SAN DIEGO — A telephone-based behavioral intervention was associated with more frequent exercise and reduced tobacco and alcohol consumption in patients with rheumatoid arthritis, according to findings presented at the American College of Rheumatology Annual Meeting.
Uma Srivastava, of Pack Health in Birmingham, Alabama, and colleagues conducted a study that included 127 patients who underwent a 12-week behavior modification program that targeted behaviors, such as healthy eating and exercise, that increase overall well-being and reduce the negative effects of RA.
A non-clinical health coach was assigned to each participant. The coach called the patient on the telephone each week to survey them on their behaviors and condition.
During a press conference at the American College of Rheumatology Annual Meeting, Uma Srivastava describes how the use of personalized support from a health coach improved well-being and decreased symptoms for patients with rheumatoid arthritis.
“Digital health coaching boosts well-being and reduces rheumatoid arthritis symptoms,” Srivastava said. “This person is going to call you, this person is going to text you, you’re going to set goals together.”
She added that setting smart goals is important.
“When somebody comes in and says, ‘Hey, I want to lose 50 pounds in 12 weeks,’ we’ll say, ‘That’s fantastic, how about we start with a 10-pound weight loss?’” she said. “That way, they’re not demoralized when they don’t reach their goals.”
Clinicians used the patient activity scale-II to assess patients for symptom severity and disease activity, according to the results.
A significant reduction in BMI was reported, with patients decreasing 0.54 kg/m2. Similarly, a 76% increase in weekly physical activity also was observed, while patients slept 0.4 hours per night.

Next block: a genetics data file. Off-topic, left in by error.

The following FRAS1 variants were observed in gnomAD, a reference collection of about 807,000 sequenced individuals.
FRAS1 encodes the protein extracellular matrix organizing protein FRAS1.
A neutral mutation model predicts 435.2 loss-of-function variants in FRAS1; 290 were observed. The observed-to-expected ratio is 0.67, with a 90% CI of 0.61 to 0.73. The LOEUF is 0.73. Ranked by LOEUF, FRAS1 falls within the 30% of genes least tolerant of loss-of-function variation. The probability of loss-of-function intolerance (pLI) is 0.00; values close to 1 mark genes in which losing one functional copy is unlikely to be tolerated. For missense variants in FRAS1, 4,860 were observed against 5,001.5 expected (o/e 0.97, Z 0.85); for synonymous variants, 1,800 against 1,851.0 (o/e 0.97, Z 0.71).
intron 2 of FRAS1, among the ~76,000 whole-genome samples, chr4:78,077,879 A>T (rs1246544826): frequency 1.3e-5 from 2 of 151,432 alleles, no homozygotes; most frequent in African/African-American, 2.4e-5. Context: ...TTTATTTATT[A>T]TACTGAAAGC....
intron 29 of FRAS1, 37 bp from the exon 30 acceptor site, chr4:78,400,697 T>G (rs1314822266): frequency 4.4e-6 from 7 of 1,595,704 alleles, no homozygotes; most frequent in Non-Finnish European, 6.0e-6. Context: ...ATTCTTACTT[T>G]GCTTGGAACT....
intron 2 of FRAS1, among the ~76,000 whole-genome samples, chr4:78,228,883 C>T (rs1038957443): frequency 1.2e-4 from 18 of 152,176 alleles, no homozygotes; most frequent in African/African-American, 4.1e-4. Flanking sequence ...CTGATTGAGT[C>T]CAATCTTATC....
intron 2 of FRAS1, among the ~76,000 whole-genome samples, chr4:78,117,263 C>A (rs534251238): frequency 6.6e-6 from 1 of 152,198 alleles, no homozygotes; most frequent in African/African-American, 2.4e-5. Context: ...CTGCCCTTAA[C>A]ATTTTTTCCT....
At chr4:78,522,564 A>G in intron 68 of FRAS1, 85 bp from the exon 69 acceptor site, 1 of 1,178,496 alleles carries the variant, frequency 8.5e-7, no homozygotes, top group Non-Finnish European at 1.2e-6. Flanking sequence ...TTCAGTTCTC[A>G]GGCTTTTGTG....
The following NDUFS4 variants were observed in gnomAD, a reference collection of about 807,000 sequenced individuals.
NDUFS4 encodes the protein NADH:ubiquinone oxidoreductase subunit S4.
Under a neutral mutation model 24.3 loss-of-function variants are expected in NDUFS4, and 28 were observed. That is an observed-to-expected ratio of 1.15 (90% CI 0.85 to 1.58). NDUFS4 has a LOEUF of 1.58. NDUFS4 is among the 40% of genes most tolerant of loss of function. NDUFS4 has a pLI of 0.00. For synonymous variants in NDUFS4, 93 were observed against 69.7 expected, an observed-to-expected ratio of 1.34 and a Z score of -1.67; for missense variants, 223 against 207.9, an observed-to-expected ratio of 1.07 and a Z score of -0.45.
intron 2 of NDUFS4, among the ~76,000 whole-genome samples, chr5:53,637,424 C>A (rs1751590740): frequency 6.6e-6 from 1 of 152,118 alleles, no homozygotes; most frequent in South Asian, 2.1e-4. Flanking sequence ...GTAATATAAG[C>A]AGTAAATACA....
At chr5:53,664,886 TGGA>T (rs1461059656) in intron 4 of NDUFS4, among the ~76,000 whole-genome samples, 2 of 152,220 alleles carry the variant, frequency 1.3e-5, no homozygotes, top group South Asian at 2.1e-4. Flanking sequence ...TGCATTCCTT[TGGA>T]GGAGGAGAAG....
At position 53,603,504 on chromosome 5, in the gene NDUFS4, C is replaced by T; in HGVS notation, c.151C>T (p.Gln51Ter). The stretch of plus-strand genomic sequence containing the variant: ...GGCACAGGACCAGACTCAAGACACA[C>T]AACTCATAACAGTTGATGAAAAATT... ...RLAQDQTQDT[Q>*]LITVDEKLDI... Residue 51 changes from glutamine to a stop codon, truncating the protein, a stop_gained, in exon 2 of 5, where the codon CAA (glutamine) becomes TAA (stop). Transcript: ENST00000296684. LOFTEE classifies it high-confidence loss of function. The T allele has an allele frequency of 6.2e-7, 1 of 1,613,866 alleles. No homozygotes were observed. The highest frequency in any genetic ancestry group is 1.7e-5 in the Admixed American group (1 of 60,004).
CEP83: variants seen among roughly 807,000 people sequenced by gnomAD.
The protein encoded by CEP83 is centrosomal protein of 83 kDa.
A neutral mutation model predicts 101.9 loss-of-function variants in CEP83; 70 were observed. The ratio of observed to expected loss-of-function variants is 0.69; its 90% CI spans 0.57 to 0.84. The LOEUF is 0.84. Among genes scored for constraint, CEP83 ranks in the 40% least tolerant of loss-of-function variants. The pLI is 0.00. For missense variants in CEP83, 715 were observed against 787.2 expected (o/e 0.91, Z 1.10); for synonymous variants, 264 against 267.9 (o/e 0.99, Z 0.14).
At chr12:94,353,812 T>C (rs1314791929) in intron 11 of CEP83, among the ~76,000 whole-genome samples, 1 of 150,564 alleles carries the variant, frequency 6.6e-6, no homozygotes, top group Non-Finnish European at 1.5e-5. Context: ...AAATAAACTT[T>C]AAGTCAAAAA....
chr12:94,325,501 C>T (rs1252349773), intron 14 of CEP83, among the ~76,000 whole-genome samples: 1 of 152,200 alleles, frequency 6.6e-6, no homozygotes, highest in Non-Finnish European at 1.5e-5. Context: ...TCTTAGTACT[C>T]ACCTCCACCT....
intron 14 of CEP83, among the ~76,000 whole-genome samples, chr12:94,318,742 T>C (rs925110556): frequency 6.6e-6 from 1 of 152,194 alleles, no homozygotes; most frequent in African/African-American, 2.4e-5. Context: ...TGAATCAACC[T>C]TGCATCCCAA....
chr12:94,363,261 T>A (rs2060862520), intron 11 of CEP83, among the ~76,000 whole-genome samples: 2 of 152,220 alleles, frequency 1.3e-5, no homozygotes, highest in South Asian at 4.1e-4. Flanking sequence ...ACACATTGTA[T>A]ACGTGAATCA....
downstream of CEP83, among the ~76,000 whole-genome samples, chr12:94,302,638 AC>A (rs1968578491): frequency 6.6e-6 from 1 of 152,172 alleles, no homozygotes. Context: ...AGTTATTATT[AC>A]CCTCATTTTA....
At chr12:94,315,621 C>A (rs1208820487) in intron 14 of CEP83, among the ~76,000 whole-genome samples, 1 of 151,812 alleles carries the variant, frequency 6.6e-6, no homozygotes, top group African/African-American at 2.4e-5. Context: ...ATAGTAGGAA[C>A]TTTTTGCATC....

Alcohol consumption decreased by 15%, while tobacco consumption decreased by 25%.
These behavioral changes yielded a 24% increase in the PROMIS physical health domain, a 17% improvement in the PROMIS mental health domain and a 6% improvement in reported motivation.
Flares occurred 48% less frequently, which the researchers noted improved healthy behaviors and reduced stress.
Srivastava said that this is important because after this intervention, patients were more educated when they visited their rheumatologist.
“They know exactly what questions to ask their doctor and they might not feel as intimidated,” she said. “We are coaching patients to have educated conversations and make the most of their 15 minutes with their doctor.” —by Rob Volansky
Ghosh I, et al. Abstract 2257. Presented at: American College of Rheumatology Annual Meeting; Nov. 4-8, 2017; San Diego.
Disclosures: Srivastava reports no relevant financial disclosures. Please see the full study for a complete list of all other authors’ relevant financial disclosures.